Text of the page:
District Court Applies Exception to Tooley Test and Rejects Argument That Exculpatory Provisions Create Contractual Obligations
Shamrock Holdings v. Arenson, C.A. 06-62-SLR, 2006 WL 2802913 (D. Del. Sept. 29, 2006).
This case involved a dispute between the Class A and Class B members of a Delaware LLC called ALH Holdings. The dispute arose after ALH faced financial trouble and the Class A members voted to sell the company over the objections of the Class B members, who eventually threatened to sue.
To preempt such a suit, the Class A members brought an action for a declaratory judgment that, among others, they did not breach their fiduciary duties or the LLC's operating agreement. In response, the Class B members counterclaimed, alleging breaches of the same. Plaintiffs subsequently moved for summary judgment as to four of the counts in their complaint, and they moved to dismiss the defendants' counterclaim. The Court denied the motion to dismiss and denied the motion for judgment on the pleadings in part (and granted it in part).
While the opinion addressed a number of issues, two stood out as particularly interesting. First, the Court rejected the defendants' argument that the exculpation provisions in the LLC's operating agreement and a related consulting agreement could provide independent grounds for contractual liability. Both of the contracts in question contained provisions stating that ALH's fiduciaries and its consultant, SCA, would not be protected from liability for acts or omissions done in bad faith or with gross negligence. Defendants argued that these provisions were not merely exculpatory, but were also contractual obligations in and of themselves--that could be violated by acting in bad faith or in a grossly negligent manner. The Court disagreed, finding that the provisions only stated the circumstances under which the fiduciaries and SCA would be protected from liability.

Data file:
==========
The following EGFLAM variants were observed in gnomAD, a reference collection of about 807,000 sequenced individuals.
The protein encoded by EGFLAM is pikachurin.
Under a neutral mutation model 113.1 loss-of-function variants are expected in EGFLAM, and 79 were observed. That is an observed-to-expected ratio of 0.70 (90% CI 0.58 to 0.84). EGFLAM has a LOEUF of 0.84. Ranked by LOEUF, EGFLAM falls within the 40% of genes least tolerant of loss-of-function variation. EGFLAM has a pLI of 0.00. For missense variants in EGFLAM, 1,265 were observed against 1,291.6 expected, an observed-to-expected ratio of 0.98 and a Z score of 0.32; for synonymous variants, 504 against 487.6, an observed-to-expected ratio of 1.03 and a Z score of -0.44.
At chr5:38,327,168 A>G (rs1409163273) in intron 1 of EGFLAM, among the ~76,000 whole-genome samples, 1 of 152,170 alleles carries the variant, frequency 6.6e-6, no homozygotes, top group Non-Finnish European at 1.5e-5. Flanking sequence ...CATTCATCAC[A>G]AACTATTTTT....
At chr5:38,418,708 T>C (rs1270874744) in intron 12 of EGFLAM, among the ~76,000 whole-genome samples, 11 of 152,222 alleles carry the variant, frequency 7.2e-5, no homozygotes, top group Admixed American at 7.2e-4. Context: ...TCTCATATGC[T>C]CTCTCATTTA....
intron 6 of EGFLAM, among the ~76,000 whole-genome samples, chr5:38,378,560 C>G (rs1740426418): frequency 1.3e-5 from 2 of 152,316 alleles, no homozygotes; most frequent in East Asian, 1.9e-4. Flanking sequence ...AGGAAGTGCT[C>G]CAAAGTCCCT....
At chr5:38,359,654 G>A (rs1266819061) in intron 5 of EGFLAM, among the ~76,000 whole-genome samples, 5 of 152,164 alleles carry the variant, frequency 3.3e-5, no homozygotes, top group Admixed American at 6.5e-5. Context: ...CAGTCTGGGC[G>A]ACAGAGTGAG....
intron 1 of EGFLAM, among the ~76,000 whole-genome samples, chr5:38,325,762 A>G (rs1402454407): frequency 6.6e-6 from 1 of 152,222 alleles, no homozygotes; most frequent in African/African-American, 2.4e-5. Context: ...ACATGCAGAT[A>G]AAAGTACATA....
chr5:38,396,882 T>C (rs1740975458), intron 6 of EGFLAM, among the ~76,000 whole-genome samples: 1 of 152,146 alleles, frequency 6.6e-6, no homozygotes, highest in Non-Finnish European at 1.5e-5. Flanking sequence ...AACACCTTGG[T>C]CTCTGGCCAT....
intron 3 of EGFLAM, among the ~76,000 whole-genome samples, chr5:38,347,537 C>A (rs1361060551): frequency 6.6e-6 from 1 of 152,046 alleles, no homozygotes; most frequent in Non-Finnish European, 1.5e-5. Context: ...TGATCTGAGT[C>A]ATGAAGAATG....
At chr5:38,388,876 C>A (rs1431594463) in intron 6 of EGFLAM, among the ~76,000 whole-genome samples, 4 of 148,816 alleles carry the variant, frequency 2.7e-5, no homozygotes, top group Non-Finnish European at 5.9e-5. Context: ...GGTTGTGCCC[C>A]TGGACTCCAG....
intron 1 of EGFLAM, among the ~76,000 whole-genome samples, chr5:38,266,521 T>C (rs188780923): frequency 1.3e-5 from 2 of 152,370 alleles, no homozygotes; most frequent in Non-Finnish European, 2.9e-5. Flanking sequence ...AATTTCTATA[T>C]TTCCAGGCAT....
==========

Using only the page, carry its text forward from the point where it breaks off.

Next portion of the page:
Second, the Court held that the defendants could bring their fiduciary breach claims as a direct action, despite plaintiffs' characterization of the claims as derivative. Plaintiffs argued that the claims could only be brought derivatively, under the Tooley
test, as the defendants could not show that their injuries arose independently from injuries to ALH. Tooley v. Donaldson, Lufkin & Jenrette, Inc.
, 845 A.2d 1031, 1039 (Del. 2004). The defendants, however, urged the Court not to apply Tooley
since such a derivative-action recovery would unjustly benefit the majority member of ALH (a plaintiff and counterclaim defendant). In finding for the defendants, the Court noted that ALH was effectively dissolved and followed the reasoning of Gentile v. Rossette
, in which the Delaware Supreme Court held that shareholders could bring their fiduciary duty claims against a majority shareholder directly, particularly when the corporate entity was liquidated and thus unable to receive a recovery. Gentile v. Rossette
, 2006 WL 2388934, at *1 (Del. Aug. 17, 2006).